The US Supreme Court has rejected the Trump team's motion challenging certification of Democrat Joe Biden's victory in the key battleground state of Pennsylvania.
The petition was filed by Republican Mike Kelly, who has argued against the legitimacy of the mail-in-ballots cast in the 2020 presidential election and requested an emergency injunction seeking to overturn the results.
"The application for injunctive relief presented to Justice Alito and by him referred to the Court is denied", the court filing said on Tuesday.
On 24 November, the Pennsylvania Department of State certified Biden as the winner in the election, with 80,555 votes over President Trump, according to the final tally. The data shows Biden had 3,458,229 votes while Trump received 3,377,674 votes.
Another vital decision from the Supreme Court is pending related to a lawsuit submitted by the state of Texas this week. The lawsuit is asking the Supreme Court to block the swing states of Georgia, Michigan, Pennsylvania and Wisconsin from participating in the electoral college even though they have already certified election results that show Biden as the winner.
The lawsuit argues that the state officials usurped the authority of state legislatures when they enacted election laws to allow for mail-in voting. The Texas officials also argue that the "appearance of voting irregularities" in the four states is consistent with the "unconstitutional relaxation of ballot-integrity protections" in the election laws of those states.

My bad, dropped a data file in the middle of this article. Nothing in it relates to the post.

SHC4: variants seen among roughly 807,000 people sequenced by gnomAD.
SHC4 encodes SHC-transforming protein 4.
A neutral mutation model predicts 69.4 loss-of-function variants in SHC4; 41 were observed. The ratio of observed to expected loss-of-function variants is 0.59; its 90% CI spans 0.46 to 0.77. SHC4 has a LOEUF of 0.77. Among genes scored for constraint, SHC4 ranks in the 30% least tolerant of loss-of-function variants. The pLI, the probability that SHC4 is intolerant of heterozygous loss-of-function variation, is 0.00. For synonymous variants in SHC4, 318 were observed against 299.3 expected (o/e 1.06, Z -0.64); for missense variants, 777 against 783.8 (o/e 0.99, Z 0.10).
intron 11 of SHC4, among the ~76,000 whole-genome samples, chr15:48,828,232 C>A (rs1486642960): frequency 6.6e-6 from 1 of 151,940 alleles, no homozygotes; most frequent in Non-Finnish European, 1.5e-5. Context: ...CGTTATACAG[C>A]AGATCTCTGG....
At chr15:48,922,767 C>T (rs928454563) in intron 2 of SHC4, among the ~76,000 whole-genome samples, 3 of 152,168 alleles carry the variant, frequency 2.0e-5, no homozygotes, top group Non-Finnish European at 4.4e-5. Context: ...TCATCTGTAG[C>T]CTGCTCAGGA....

While formally greenlighting the transition process, Trump has refused to concede, claiming the victory was "stolen" from him via mass fraud and irregularities involving the use of mail-in ballots, much criticised by the US president. Trump's legal team has filed numerous lawsuits in the key states, where they believe election fraud could have taken place.
Prior to Election Day, President Trump had repeatedly slammed voting by mail, which Democrats have favoured as a safe option for Americans to cast a vote during the COVID-19 pandemic. Trump had argued, however, that such a practice could potentially lead to fraud in the election.
At the same time, Trump said that if the Electoral College certifies Biden as the president-elect, he will "certainly" vacate the White House, noting, though, that it would be a "mistake" on their part.
The Electoral College is set to meet on 14 December to decide who will be the next president of the United States.